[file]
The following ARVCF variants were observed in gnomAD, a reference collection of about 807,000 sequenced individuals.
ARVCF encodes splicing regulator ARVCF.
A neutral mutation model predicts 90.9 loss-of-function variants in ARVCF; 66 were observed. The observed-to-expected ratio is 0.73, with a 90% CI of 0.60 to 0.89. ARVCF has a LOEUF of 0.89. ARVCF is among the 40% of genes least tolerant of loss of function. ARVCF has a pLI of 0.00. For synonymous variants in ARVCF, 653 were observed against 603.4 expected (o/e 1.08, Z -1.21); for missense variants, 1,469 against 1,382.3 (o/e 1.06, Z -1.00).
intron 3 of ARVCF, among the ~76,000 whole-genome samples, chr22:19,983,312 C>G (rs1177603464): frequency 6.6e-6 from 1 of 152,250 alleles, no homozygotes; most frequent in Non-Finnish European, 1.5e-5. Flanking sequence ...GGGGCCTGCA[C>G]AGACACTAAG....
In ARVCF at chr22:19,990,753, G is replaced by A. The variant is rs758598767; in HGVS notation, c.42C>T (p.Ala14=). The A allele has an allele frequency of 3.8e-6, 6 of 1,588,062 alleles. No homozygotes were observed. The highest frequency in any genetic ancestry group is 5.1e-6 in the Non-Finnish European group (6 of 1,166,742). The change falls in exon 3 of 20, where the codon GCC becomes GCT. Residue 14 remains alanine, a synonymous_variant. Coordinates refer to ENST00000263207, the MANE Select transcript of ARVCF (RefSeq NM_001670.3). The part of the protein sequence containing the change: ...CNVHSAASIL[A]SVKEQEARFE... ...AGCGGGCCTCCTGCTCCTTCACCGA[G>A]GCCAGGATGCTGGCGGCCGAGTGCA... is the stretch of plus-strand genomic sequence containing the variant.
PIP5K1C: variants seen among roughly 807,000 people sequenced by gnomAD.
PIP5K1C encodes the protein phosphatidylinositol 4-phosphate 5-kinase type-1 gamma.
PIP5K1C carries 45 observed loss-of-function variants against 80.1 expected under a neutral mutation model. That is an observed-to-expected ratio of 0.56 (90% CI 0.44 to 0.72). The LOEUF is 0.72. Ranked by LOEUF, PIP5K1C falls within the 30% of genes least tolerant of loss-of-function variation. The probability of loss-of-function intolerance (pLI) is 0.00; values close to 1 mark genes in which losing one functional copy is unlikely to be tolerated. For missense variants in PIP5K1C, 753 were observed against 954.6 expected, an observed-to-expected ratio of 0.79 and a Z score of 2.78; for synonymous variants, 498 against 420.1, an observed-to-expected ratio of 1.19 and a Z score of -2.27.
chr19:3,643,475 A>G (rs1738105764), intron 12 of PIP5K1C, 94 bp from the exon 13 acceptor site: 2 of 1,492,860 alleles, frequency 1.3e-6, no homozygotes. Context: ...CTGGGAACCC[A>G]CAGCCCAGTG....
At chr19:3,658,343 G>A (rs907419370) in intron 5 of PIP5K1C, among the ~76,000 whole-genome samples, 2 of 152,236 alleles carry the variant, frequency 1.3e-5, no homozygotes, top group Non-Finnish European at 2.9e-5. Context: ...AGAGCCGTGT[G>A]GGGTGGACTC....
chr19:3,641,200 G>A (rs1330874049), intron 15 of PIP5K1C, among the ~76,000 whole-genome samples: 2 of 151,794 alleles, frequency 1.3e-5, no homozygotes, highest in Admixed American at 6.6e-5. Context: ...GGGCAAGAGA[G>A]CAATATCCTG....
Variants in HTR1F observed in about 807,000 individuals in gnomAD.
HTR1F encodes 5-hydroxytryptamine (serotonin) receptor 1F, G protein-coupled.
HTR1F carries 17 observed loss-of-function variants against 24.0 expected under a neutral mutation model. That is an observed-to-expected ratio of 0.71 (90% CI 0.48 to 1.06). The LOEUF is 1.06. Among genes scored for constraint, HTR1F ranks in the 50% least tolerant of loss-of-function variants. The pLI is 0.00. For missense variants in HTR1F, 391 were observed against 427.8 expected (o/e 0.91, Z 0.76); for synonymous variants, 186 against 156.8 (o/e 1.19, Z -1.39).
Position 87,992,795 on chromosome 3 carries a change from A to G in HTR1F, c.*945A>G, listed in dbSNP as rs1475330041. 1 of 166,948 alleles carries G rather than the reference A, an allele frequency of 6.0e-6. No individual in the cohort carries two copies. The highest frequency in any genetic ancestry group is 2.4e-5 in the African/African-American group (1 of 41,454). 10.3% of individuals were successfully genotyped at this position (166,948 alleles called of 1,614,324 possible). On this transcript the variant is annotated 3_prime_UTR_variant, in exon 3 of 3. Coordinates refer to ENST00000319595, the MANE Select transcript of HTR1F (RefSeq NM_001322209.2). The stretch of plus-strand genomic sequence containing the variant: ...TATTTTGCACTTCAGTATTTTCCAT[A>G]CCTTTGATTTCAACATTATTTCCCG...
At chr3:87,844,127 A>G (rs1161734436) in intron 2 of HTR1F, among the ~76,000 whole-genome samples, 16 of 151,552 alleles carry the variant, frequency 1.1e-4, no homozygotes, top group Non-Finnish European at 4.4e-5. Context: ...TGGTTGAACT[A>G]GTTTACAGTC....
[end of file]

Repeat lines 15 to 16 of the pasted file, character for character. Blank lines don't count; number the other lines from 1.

Position 87,992,795 on chromosome 3 carries a change from A to G in HTR1F, c.*945A>G, listed in dbSNP as rs1475330041. 1 of 166,948 alleles carries G rather than the reference A, an allele frequency of 6.0e-6. No individual in the cohort carries two copies. The highest frequency in any genetic ancestry group is 2.4e-5 in the African/African-American group (1 of 41,454). 10.3% of individuals were successfully genotyped at this position (166,948 alleles called of 1,614,324 possible). On this transcript the variant is annotated 3_prime_UTR_variant, in exon 3 of 3. Coordinates refer to ENST00000319595, the MANE Select transcript of HTR1F (RefSeq NM_001322209.2). The stretch of plus-strand genomic sequence containing the variant: ...TATTTTGCACTTCAGTATTTTCCAT[A>G]CCTTTGATTTCAACATTATTTCCCG...
At chr3:87,844,127 A>G (rs1161734436) in intron 2 of HTR1F, among the ~76,000 whole-genome samples, 16 of 151,552 alleles carry the variant, frequency 1.1e-4, no homozygotes, top group Non-Finnish European at 4.4e-5. Context: ...TGGTTGAACT[A>G]GTTTACAGTC....